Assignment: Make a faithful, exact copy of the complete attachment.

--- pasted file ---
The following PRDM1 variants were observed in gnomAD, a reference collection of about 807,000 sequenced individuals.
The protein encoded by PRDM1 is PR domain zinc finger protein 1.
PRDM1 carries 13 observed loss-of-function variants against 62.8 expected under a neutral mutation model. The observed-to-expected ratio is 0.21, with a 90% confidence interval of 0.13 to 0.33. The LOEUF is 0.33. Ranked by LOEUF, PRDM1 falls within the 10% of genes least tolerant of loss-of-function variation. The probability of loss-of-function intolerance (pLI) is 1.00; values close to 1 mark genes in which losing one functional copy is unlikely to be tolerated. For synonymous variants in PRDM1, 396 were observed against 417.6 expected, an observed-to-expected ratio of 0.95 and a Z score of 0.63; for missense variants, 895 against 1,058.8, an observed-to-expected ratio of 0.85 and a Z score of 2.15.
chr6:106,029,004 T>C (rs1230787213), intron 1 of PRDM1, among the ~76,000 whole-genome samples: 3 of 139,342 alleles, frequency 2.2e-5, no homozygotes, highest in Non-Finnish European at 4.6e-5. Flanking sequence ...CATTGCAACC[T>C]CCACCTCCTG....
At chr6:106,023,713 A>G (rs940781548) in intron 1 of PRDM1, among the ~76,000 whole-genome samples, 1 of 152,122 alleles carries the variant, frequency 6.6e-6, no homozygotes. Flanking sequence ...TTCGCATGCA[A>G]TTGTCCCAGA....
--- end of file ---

The following PRDM1 variants were observed in gnomAD, a reference collection of about 807,000 sequenced individuals.
The protein encoded by PRDM1 is PR domain zinc finger protein 1.
PRDM1 carries 13 observed loss-of-function variants against 62.8 expected under a neutral mutation model. The observed-to-expected ratio is 0.21, with a 90% confidence interval of 0.13 to 0.33. The LOEUF is 0.33. Ranked by LOEUF, PRDM1 falls within the 10% of genes least tolerant of loss-of-function variation. The probability of loss-of-function intolerance (pLI) is 1.00; values close to 1 mark genes in which losing one functional copy is unlikely to be tolerated. For synonymous variants in PRDM1, 396 were observed against 417.6 expected, an observed-to-expected ratio of 0.95 and a Z score of 0.63; for missense variants, 895 against 1,058.8, an observed-to-expected ratio of 0.85 and a Z score of 2.15.
chr6:106,029,004 T>C (rs1230787213), intron 1 of PRDM1, among the ~76,000 whole-genome samples: 3 of 139,342 alleles, frequency 2.2e-5, no homozygotes, highest in Non-Finnish European at 4.6e-5. Flanking sequence ...CATTGCAACC[T>C]CCACCTCCTG....
At chr6:106,023,713 A>G (rs940781548) in intron 1 of PRDM1, among the ~76,000 whole-genome samples, 1 of 152,122 alleles carries the variant, frequency 6.6e-6, no homozygotes. Flanking sequence ...TTCGCATGCA[A>G]TTGTCCCAGA....